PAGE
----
SHARES in Exxaro Resources took some punishment in the first few hours of trade on the Johannesburg Stock Exchange after the company said it was interested in entering into an unspecified partnership in the business of energy and water security. The stock was down about 10% before recovering a touch; it was 7% lower at the time of publication.
Little flesh was put on the bones of the initiatives which CEO, Mxolisi Mgojo, said was in the interests of securing the company long after its coal mines had closed. He also set down plans for ‘digitalisation’ of the business which would strengthen “the spine of the group”.
At the firm’s full-year results presentation on March 8, analysts questioned how much capital might be allocated to such initiatives, and whether the company had an understanding of likely returns from them. Exxaro CFO, Riaan Koppeschaar, responded that the strategy would involve minimal capital outlay: “The capital cost is not nearly close to that of a mine,” he said. Asked if the outlay would be less than R1bn, Koppeschaar said ‘yes’; they would be much lower.
“Exxaro guided to FY18 – 22 cumulative capex of R23.9bn, which is R1.8bn higher than our previous forecast of R22.1bn,” said Renaissance Capital in a report in which it downgraded Exxaro to a ‘sell’, also on the basis of higher-than-expected increases in unit cash costs in its coal business. It added, however: “Management said that around R1.46bn will be spent on digitalisation and innovation projects and R500m will go towards environmental management projects. It is not clear what returns can be expected from these”.
Said Mgojo at the results presentation: “I know that the issue of capital allocation is always raised. But the returns of today had capital allocated to them ten years ago. This is about setting the base and foundation for the future”. One analyst, however, described the move as going “off piste”. “They must be a consultant’s dream,” an asset manager said of Exxaro management’s forward-looking approach.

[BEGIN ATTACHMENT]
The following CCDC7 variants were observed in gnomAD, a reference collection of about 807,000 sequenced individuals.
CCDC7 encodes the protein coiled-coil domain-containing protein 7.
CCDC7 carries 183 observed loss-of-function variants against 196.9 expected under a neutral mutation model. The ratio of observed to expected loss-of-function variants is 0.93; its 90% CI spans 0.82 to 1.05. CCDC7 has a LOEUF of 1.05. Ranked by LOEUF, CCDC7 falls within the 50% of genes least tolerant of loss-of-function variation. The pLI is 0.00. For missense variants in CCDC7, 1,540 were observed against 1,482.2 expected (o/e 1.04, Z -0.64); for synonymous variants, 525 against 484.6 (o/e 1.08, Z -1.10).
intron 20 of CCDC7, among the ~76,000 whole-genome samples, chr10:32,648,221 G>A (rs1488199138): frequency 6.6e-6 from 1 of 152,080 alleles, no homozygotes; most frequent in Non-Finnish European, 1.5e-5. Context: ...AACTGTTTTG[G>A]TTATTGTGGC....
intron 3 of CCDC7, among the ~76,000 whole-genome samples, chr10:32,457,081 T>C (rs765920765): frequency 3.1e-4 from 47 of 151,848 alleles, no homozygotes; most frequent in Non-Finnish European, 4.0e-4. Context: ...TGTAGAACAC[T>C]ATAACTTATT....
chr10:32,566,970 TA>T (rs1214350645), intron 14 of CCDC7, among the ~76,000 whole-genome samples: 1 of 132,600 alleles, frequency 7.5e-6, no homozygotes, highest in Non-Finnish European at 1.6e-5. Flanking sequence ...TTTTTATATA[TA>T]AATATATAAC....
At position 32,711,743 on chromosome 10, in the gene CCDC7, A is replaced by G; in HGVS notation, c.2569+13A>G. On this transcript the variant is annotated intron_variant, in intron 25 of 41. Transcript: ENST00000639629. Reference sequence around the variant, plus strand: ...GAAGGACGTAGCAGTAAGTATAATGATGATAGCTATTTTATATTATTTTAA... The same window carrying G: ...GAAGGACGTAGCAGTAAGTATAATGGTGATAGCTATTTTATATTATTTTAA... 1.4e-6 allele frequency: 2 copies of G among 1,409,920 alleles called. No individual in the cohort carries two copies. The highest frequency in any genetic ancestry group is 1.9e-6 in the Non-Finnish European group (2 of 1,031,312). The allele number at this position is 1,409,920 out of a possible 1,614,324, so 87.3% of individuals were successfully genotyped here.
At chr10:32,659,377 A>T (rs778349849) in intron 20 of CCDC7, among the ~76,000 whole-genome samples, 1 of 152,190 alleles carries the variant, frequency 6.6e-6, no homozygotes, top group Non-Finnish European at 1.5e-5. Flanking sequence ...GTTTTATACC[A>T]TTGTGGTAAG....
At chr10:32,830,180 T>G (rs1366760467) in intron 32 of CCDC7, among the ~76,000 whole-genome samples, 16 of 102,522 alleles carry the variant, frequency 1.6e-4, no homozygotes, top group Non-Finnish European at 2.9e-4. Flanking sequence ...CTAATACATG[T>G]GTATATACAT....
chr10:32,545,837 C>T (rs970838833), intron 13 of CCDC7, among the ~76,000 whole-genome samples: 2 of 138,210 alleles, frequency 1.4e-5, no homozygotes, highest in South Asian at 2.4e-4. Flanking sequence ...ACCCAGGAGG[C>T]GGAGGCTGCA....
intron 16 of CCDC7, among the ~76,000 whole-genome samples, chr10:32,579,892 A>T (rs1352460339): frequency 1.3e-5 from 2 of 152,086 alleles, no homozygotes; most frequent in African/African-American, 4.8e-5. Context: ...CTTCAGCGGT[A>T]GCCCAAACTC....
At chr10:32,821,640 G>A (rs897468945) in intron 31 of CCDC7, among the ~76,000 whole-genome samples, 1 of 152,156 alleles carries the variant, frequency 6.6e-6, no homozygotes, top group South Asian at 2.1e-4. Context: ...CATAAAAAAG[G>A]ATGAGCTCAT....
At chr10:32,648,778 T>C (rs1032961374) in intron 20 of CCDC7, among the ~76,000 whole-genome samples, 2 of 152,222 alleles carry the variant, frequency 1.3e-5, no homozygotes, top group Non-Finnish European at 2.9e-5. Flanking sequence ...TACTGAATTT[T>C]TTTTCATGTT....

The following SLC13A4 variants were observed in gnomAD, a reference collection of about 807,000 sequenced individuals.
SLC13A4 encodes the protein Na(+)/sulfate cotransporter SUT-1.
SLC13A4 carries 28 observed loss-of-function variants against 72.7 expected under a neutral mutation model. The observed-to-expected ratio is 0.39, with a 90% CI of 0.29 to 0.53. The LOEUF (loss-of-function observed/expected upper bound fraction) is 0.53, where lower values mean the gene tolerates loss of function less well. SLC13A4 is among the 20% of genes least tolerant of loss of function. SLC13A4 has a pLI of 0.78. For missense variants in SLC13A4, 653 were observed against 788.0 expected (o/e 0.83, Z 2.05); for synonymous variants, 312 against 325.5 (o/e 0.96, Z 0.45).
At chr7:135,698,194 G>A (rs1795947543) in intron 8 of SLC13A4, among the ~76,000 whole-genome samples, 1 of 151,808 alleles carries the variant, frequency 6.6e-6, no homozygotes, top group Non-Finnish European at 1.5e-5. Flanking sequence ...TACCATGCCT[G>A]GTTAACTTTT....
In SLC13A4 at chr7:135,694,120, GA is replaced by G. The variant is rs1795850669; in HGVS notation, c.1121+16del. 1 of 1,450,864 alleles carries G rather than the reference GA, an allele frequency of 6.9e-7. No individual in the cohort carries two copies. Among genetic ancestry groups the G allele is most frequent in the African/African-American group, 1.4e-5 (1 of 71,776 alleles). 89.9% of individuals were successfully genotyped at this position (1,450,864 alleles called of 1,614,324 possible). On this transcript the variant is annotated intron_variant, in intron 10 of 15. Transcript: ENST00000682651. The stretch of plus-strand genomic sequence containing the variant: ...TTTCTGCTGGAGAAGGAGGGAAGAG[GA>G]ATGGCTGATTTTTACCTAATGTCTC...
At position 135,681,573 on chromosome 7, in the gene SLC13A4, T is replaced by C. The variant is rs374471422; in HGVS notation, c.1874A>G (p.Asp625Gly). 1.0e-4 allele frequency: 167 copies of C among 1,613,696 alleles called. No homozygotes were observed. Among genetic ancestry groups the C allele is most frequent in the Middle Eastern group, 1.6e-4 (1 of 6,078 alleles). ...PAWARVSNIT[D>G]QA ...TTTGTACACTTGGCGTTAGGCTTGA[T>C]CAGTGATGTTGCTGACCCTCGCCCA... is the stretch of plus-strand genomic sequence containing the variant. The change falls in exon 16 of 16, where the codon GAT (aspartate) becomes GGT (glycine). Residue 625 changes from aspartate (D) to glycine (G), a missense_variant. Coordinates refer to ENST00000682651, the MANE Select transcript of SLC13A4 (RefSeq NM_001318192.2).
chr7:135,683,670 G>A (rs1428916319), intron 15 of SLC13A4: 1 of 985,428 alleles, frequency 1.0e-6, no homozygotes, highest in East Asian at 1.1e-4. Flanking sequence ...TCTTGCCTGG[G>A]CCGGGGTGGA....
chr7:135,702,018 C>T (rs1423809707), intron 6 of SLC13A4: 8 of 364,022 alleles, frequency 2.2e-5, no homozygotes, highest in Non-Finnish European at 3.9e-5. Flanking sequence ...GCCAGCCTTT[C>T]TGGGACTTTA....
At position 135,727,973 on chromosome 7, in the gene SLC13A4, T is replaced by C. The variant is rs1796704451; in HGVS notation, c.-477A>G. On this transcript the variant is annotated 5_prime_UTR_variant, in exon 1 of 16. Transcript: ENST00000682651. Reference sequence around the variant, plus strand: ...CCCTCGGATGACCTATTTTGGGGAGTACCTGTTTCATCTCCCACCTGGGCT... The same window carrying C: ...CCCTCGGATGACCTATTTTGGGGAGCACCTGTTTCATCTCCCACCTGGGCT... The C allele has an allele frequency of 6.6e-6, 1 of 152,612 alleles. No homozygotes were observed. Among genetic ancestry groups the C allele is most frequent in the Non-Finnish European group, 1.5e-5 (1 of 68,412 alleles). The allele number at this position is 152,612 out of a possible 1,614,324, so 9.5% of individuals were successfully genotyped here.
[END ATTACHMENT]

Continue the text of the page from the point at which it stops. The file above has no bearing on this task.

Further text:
Asked by Miningmx at a press conference if he thought he might have spooked analysts somewhat given the questioning, Mgojo replied: “When we went into renewables, we didn’t know anything about it. And the strategy there was achieving an understanding, and we were right about that. We saw that early.
“We realised then that, on our own, we couldn’t do it. Hence, we partnered with TataPower to create Cennergi. This is a new place that we are playing in. We are talking to many players in the market; we are all looking to address key critical global issues. What happens, for instance, when energy storage through renewables becomes the new baseload?” he said.
Renaissance Capital worried about Exxaro’s focus. “It appears to us that Exxaro has limited interest to expand its core Eskom and export coal businesses beyond current announced projects. Management is therefore exploring potential ‘Business of Tomorrow’ which includes smart renewables, energy, water and food. We believe a lack of focus may pose a risk of poor capital allocation”.
In 2015, Exxaro impaired its investment in Mayoko, an iron ore development project in Central African Republic, for some R5.3bn. The feeling among some shareholders at the time was that the company had to get back to its core competence of mining and marketing thermal coal to Eskom and the export markets.
Since then, Exxaro has successfully restructured its coal business to take advantage of buoyant export coal prices. Nombasa Tsengwa, who is head of Exxaro’s coal business, said yesterday that the company would be able to export 11 million tonnes or more of thermal coal by its 2019 financial year.